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05.09.2002 General News

Criminals vandalise Wa Airstrip

By GNA
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Criminals operating in the dark have vandalised facilities of the Ghana Civil Aviation Authority (GCAA) at Wa, and the cost of damage runs into millions of cedis.

Property damaged included the cutting of several square metres of the chain link fencing of the air strip, and the building meant to house equipment of the authority was completely looted of its louver blades and roofing sheets.

As a result of the massive destruction of the fence, the runway which was constructed and tarred two years ago at a cost of about 14 billion cedis and is second only to that of the Kotoka International Airport in length, had become a playground for domestic animals.

These were made known when a six-member team of officials from the GCAA headquarters inspected the airstrip on Wednesday to assess the extent of damage.

During the inspection, it was discovered that openings created by the destruction of the link fencing had become access routes to the farms of people living close to the facility, while the land around had been encroached upon.

At a durbar of chiefs, opinion leaders and people of communities around the airstrip to sensitise them, the Wa District Chief Executive, Mr Godfred Bayong Tangu urged them to show keen interest in the security of the airstrip because if would benefit them.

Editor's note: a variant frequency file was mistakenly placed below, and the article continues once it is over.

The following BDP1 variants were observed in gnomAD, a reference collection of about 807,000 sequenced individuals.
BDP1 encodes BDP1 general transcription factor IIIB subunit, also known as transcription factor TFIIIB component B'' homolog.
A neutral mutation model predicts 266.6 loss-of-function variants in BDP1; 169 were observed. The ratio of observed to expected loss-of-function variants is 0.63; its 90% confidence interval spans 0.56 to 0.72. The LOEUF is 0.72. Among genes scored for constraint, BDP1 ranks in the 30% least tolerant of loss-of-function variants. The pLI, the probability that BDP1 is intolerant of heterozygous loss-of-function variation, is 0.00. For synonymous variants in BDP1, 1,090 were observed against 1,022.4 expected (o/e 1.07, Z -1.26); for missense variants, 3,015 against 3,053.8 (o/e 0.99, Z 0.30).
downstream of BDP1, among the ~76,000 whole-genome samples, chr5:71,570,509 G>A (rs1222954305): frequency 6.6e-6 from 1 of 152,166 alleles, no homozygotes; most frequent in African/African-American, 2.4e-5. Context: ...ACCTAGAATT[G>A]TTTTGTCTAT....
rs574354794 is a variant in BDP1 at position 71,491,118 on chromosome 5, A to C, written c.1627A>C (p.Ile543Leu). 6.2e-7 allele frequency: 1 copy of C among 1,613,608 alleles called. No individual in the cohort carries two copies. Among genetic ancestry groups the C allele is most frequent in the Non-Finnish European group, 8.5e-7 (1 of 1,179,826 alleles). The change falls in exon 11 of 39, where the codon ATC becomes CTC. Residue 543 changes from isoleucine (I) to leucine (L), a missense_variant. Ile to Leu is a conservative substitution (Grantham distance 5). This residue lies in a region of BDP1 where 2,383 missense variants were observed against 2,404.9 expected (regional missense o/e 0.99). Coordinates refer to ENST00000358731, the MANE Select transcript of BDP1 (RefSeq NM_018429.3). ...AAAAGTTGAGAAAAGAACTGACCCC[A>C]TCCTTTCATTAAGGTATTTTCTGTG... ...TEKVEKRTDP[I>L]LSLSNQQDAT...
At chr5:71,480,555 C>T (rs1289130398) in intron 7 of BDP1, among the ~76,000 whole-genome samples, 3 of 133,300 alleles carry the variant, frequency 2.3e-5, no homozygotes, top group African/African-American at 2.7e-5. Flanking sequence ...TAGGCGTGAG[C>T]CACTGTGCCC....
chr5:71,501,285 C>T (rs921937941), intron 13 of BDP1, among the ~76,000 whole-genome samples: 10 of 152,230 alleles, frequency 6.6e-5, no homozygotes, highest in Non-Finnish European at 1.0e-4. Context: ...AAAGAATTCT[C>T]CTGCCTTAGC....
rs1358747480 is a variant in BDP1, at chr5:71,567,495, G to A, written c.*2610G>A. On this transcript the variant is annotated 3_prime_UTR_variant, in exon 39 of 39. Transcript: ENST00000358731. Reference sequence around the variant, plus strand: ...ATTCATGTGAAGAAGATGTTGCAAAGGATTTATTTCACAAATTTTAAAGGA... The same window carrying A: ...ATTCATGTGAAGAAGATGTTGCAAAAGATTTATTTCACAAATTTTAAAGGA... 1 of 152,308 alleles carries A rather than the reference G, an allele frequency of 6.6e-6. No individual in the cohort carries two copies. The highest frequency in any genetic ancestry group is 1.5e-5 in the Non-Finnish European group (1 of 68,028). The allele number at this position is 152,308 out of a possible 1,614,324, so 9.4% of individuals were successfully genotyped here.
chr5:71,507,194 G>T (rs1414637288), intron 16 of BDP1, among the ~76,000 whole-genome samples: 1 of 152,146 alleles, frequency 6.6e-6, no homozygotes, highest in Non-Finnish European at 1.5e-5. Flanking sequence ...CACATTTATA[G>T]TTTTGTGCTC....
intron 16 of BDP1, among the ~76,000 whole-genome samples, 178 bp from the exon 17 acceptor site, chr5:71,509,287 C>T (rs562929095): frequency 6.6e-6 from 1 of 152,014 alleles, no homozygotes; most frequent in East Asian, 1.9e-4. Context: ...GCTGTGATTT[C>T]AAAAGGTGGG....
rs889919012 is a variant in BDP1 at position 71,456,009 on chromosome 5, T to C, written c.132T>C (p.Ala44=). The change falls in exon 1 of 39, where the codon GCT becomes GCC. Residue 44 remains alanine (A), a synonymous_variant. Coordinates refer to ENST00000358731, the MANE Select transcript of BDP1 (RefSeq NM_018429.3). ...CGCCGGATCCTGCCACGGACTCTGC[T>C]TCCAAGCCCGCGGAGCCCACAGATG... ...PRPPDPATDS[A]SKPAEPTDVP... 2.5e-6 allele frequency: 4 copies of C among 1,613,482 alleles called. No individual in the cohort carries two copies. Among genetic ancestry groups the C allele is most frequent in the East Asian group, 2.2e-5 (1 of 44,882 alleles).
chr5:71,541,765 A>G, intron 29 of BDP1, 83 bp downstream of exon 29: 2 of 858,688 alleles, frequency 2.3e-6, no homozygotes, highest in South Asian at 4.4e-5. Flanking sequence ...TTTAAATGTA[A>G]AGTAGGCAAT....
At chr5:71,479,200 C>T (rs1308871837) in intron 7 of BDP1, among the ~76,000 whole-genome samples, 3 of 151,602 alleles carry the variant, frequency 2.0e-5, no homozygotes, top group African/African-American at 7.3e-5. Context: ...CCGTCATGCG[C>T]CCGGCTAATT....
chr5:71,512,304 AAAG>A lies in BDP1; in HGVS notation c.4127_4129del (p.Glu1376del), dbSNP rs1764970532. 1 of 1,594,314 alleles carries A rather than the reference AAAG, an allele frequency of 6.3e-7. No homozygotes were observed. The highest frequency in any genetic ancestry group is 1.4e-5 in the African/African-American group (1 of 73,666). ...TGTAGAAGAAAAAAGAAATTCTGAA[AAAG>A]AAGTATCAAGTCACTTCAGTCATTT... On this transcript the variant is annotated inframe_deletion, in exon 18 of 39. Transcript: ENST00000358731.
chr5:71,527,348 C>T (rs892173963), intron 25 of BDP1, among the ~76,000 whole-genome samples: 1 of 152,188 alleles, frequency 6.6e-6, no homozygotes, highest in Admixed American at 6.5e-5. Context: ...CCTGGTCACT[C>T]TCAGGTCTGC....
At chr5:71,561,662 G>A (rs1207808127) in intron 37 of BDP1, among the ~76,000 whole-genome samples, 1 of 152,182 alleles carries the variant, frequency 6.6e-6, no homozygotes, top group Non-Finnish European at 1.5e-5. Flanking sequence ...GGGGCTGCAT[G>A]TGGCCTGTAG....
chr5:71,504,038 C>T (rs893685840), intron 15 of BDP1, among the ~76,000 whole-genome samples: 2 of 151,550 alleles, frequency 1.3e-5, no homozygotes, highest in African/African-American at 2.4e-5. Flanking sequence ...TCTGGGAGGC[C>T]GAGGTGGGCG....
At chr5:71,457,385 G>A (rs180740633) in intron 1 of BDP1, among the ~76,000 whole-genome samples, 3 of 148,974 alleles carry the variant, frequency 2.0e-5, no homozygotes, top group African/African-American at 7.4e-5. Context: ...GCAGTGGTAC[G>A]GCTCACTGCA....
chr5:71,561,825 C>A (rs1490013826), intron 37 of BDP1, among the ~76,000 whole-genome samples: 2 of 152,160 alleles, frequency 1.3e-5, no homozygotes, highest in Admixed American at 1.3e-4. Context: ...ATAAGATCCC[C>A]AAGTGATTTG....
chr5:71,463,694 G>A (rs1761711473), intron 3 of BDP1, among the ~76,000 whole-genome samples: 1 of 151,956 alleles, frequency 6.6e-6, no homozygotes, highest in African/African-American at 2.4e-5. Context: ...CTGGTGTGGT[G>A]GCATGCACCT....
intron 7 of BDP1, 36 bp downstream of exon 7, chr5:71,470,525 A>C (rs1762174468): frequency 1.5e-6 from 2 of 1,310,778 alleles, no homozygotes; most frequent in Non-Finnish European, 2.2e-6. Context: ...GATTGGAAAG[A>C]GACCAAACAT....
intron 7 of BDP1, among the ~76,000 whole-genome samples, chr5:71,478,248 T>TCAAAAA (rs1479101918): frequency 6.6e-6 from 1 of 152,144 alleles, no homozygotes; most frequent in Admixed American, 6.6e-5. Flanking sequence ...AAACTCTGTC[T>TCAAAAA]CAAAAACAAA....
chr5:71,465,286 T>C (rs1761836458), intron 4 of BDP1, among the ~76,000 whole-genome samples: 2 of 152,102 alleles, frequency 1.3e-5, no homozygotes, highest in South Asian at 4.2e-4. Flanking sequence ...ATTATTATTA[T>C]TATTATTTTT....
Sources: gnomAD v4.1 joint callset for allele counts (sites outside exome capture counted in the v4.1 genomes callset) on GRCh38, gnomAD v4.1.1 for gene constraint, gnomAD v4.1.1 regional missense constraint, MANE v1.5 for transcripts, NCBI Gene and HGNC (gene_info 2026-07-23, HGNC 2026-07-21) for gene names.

He said the assembly and the GCAA on their part would provide security lights to brighten the area.

The durbar was organised by the GCAA in collaboration with the Wa District Assembly.

It was also made known by residents close to the area that soccer fans scale the fence of the airstrip to shorten their access to the Wa Sport Stadium.

Mr William Orhin, Director of Audit of the GCAA who led the team, said only few regions in the country had such a facility and the people should endeavour to take proper care of it.

According to him, it was the vision of his organisation to eventually develop it into an airport to create jobs for the people.

He said loitering of animals and humans on the runway, which had been made possible by the destruction of the fencing, would pose risks to aircraft.

Mr Orhin mentioned some of the other benefits that would accrue to the people in the eventual development of the airstrip to the standard of an airport to include, medical evacuations, transportation of relief items and defence purposes.

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